While the Barmy Army will travel to Australia and provide very vocal support, traditionally the English have not had too much success in the land down under. If they can manage to steer clear of the Australians they can certainly go on a long run in this tournament, and at odds of +550 they present decent value, so it may be worthwhile jumping on now.

New Zealand are next on the list of contenders, and while the conditions will certainly suit them, one feels that their best chance of winning a major international tournament since the 2000 Champions Trophy came and went with their runner-up performance at the 2015 World Cup. Now that the legendary Brendan McCullum has retired, their lineup lacks that little bit of star power needed to excel on the world stage.

But 2020 is a long way away, and New Zealand are known to produce some incredible talents. Kane Williamson is already established as one of the best players in the world, so if they can build a team around him and find some equally good bowlers, the Black Caps could certainly make a run to the final. This would be breaking new ground as they have never made it that far in a T20 tournament. They are available at +600 which is probably an accurate reflection of their chances.

South Africa's chances of winning the World T20 are identical to the New Zealanders. While they often have one of the best teams in the tournament on paper, they have an unfortunate habit of falling short at the final (or rather semi-final) hurdle.

Like the Kiwis, the South African's have failed to make it to a World T20 final, let alone win one, so their track record is something that will need to be ignored if you want to place a wager on them.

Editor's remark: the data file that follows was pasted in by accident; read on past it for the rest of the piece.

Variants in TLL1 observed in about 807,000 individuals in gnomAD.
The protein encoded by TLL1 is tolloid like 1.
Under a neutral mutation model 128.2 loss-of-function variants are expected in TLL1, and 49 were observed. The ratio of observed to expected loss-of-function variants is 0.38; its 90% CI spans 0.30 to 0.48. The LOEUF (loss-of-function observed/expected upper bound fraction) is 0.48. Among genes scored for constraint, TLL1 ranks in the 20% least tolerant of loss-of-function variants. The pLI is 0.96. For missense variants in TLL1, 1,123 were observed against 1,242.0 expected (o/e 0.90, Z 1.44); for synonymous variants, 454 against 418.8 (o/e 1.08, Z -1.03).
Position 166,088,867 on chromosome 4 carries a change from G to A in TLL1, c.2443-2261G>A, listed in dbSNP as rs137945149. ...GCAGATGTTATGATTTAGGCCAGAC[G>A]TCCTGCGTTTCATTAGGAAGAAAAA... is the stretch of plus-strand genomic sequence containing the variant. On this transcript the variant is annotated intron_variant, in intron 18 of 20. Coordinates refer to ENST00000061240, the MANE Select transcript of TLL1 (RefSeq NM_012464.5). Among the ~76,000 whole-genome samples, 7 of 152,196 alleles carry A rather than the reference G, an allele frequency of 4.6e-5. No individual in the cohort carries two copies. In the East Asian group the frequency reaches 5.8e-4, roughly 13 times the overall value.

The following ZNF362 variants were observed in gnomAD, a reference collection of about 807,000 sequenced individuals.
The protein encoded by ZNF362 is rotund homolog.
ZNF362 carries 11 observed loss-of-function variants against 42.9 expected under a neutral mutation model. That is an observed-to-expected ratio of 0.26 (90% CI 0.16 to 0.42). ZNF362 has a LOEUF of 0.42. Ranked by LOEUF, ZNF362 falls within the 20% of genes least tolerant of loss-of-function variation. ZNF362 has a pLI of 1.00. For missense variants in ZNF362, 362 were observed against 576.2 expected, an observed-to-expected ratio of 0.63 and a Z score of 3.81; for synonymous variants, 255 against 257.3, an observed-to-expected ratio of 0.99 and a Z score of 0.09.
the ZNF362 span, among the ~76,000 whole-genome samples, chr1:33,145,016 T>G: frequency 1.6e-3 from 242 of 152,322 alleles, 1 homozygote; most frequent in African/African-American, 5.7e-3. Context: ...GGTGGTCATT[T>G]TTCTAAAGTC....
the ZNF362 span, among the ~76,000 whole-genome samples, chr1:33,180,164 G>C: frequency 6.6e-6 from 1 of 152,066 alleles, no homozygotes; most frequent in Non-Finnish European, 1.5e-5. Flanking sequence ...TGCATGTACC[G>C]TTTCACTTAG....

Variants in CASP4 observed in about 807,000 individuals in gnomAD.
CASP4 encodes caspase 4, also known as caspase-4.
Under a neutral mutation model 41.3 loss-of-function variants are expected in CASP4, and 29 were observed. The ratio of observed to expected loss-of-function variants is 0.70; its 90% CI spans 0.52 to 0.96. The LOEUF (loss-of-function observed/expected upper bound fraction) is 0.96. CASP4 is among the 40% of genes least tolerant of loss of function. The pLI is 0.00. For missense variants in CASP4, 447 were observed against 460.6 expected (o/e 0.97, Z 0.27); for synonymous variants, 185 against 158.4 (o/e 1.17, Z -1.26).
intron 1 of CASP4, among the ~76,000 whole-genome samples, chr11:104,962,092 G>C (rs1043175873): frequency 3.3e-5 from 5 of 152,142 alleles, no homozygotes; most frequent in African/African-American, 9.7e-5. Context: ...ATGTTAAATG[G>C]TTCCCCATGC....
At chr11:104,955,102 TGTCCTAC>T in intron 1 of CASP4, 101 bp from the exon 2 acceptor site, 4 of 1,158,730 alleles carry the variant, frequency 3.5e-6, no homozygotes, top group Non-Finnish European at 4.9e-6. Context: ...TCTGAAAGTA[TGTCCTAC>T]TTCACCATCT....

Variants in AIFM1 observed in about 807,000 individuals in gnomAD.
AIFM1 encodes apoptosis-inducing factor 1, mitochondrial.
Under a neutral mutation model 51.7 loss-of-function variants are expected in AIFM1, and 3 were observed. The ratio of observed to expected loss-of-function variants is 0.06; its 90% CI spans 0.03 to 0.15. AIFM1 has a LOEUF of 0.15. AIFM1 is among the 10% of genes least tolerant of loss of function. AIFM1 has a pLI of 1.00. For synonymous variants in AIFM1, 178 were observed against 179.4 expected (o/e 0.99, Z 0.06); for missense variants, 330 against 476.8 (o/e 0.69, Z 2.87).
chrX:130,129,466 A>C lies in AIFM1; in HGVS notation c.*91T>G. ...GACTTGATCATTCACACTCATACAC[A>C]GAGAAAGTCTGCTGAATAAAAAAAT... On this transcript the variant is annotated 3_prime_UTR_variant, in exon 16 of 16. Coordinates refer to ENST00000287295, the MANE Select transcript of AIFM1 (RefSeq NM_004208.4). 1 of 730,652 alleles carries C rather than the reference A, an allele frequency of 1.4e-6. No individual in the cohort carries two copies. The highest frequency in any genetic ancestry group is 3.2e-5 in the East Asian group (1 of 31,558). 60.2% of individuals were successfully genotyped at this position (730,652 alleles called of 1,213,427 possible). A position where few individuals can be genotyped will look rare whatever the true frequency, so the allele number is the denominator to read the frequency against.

The optimistic view of course is that the South African lineup is traditionally too strong to continually fail. At odds of +600, they are probably a better value pick than the Black Caps at the same price so they are certainly a worthwhile bet.

The Value Pick

It's not often that you will find the most successful team in the history of a tournament, and the most recent winner of a tournament, at such long odds to win the next one, but that's exactly what we've got here. The West Indies have won the tournament twice and made it to at least the semi final stage on four out of six occasions, and the conditions should suit them.

So why are they priced at +900? Don't ask questions, just put your money on them! They are excellent value, although the reason for their price is down to the uncertainty that surrounds West Indian cricket. The board and the players have had a volatile relationship in recent years and you can never be 100% sure that their best team will feature in a tour or tournament. There's plenty of time ahead for them to sort this out, so there's no harm in placing a wager.

The Outsiders

In a tournament like the ICC World Twenty20, the winner can come from anywhere, so it may be a little harsh to consider Pakistan an outsider, considering that they have appeared in two World T20 finals and won the tournament in 2009. Pakistan never fail to impress, have a wealth of talent available and should not be discounted. They are priced at +1400.

The same can be said for Sri Lanka. They too have made it to two finals although are yet to win at the final stage. Like Pakistan, they always present a difficult proposition, however will find it difficult playing in conditions that are a world away from the sub-continent. If you're bold, take a punt on the Sri Lankans at +1200, although in terms of outsiders the Pakistanis present better value.

The 2020 World T20 tournament will no doubt prove to be fantastic sporting theatre, and the winner will be no easier to pick in three years time when it's about to get underway.

Will the Australian's break their duck or will the West Indians come to the party for a third time? What are your thoughts on the tournament? For more, make sure you check out our Facebook page and join in the conversation.